In February, I suggested that Facebook and others would be subjected to a level of attention from government they never wanted or expected. That has happened, with Mark Zuckerberg recently facing two long days of grilling by senators and members of the US House of Representatives. By all accounts, Zuckerberg neither aced it nor made a fool of himself. There were a few too many “my team would have to get back to you on that” answers. A few months ago, the media floated the idea of a future presidential run by Mr. Zuckerberg; his performance could not be described as a propitious start. But more than anything, the hearings revealed the utter lack of preparation of many legislators for delving into a business they clearly did not comprehend.
What all this will mean for Facebook and others is unclear. “Congress is good at two things — doing nothing and overreacting,” said Rep. Billy Long (R-Missouri). “So far, we’ve done nothing on Facebook. We’re getting ready to overreact.” But if forced to guess, I would bet on doing nothing or maybe a token underreaction. The widely noted dysfunctionality of Congress does not augur well for agreeing on much of anything and the executive branch is in the hands of ideological opponents of regulation.
But that’s just the US. Mr. Zuckerberg is also wanted by the British House of Commons. The MPs may or may not be better prepared, but they are not known for gentle questioning. Also, enforcement of the European Union’s General Data Protection Regulation (GDPR) is at hand. In the words of Wikipedia:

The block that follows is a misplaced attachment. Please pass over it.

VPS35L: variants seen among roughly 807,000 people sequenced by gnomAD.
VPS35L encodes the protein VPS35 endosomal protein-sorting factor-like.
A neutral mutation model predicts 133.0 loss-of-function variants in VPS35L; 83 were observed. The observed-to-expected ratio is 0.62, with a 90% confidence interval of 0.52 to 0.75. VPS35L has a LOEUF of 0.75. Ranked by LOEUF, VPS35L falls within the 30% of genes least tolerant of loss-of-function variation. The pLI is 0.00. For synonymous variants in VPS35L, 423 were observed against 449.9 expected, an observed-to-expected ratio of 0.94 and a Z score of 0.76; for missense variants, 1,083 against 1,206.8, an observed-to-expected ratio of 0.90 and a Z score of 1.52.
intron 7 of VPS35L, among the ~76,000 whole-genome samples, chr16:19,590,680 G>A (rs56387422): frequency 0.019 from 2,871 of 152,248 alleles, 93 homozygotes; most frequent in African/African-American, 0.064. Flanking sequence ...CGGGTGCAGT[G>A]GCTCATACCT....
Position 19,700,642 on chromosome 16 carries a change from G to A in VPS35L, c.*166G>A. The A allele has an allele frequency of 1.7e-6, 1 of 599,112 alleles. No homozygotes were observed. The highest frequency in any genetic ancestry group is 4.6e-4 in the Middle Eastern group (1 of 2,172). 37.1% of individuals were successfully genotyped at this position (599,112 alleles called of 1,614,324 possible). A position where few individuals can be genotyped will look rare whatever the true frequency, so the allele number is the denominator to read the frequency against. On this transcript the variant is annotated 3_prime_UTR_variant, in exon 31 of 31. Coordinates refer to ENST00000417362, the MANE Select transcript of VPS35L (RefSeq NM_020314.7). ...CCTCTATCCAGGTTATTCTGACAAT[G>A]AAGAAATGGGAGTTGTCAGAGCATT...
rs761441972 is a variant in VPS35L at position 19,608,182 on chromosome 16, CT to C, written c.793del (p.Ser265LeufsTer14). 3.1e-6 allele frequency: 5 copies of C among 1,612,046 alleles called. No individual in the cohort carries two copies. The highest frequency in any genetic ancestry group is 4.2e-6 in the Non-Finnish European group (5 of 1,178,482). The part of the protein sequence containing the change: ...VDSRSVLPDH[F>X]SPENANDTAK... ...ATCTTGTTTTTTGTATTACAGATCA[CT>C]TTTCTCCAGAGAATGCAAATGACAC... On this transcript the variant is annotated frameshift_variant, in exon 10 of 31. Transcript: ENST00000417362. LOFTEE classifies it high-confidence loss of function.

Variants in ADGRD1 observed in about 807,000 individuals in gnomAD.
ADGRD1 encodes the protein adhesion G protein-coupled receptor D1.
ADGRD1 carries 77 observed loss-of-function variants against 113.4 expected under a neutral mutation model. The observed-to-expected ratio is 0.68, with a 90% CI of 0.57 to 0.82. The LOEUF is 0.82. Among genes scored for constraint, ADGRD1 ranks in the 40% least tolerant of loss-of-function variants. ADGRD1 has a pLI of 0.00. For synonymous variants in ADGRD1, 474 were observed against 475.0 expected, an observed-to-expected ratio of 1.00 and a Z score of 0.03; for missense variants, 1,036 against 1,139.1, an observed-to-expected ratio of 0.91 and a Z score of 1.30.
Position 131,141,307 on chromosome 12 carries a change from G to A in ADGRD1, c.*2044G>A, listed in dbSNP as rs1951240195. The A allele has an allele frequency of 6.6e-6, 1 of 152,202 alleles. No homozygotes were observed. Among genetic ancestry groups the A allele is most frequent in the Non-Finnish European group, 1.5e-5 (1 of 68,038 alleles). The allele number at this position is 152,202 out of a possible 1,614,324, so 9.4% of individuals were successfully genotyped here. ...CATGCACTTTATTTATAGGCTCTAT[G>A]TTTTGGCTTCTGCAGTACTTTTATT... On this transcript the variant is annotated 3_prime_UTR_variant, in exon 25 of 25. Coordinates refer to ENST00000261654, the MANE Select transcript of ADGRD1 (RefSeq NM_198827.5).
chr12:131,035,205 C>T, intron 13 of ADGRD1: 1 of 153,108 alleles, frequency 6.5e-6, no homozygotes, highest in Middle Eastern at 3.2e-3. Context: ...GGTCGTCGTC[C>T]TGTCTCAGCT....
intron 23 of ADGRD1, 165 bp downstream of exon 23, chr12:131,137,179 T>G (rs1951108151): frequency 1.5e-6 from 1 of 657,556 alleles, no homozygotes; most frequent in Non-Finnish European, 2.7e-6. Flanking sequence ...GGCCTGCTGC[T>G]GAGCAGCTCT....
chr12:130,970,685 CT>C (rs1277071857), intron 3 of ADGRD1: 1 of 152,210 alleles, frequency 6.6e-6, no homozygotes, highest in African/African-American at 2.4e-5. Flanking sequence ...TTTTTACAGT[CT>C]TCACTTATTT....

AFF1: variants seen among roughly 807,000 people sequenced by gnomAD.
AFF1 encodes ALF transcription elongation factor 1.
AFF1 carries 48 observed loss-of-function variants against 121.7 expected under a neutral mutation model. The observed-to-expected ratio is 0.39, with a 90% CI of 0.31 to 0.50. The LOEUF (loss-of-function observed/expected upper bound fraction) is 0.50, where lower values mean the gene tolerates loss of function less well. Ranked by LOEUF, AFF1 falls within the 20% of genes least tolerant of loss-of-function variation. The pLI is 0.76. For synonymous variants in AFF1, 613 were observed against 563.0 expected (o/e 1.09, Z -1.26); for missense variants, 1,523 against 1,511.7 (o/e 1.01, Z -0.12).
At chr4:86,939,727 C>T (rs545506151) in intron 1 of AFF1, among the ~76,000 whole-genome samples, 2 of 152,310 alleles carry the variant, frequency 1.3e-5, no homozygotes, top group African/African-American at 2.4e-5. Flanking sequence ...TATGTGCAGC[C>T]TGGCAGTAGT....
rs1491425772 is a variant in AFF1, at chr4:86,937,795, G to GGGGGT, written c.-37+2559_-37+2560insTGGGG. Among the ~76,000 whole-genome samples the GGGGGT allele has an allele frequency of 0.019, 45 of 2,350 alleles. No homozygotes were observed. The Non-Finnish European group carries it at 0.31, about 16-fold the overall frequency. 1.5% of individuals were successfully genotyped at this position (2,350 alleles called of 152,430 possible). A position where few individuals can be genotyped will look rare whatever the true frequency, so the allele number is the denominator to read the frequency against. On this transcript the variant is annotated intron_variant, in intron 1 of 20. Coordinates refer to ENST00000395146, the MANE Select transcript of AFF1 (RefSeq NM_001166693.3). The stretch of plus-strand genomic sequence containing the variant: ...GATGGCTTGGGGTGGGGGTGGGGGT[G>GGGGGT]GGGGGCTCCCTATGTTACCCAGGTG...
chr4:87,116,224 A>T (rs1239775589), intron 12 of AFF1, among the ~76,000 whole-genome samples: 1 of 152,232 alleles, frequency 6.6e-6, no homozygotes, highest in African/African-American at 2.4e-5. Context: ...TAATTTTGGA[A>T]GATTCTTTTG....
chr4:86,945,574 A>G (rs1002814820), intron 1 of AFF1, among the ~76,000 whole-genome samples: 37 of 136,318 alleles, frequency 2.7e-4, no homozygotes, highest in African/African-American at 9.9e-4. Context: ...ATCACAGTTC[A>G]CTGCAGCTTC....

The GDPR aims primarily to give control to citizens and residents over their personal data and to simplify the regulatory environment for international business by unifying the regulation within the EU ... It was adopted on 14 April 2016. It becomes enforceable on 25 May 2018, after a two-year transition period.
The major companies, of course including Facebook, are presumably prepared for this and may well choose to implement it in the US and possibly other countries to forestall possibly stricter regulation.
I had also suggested that the exceptionally long honeymoon that technology companies have enjoyed with the general public is threatened. In particular, Google and Facebook offer us extremely useful and enjoyable services for free, making us feel like customers. But we never were real customers; rather, we are their product, a product they sell for extraordinary amounts of money to their real customers — vendors who want to target their advertising at people who have made known their propensity toward, or at least some interest in, buying what they’re selling. The revelation of how information about us was sold to and misused by unscrupulous organizations for unethical and possibly criminal purposes has, for many, shaken their confidence in these companies’ integrity — a loss of innocence. A fraction of users has already closed their Facebook accounts; another fraction has tightened their preferences and reduced their usage. But if past behavior is a guide, the majority will mostly shrug and do little or nothing different. That said, a loss of innocence is never good and virtually impossible to recover from fully.
[For more from the author on this topic, see “Public Policy Coming in from the Sidelines?”]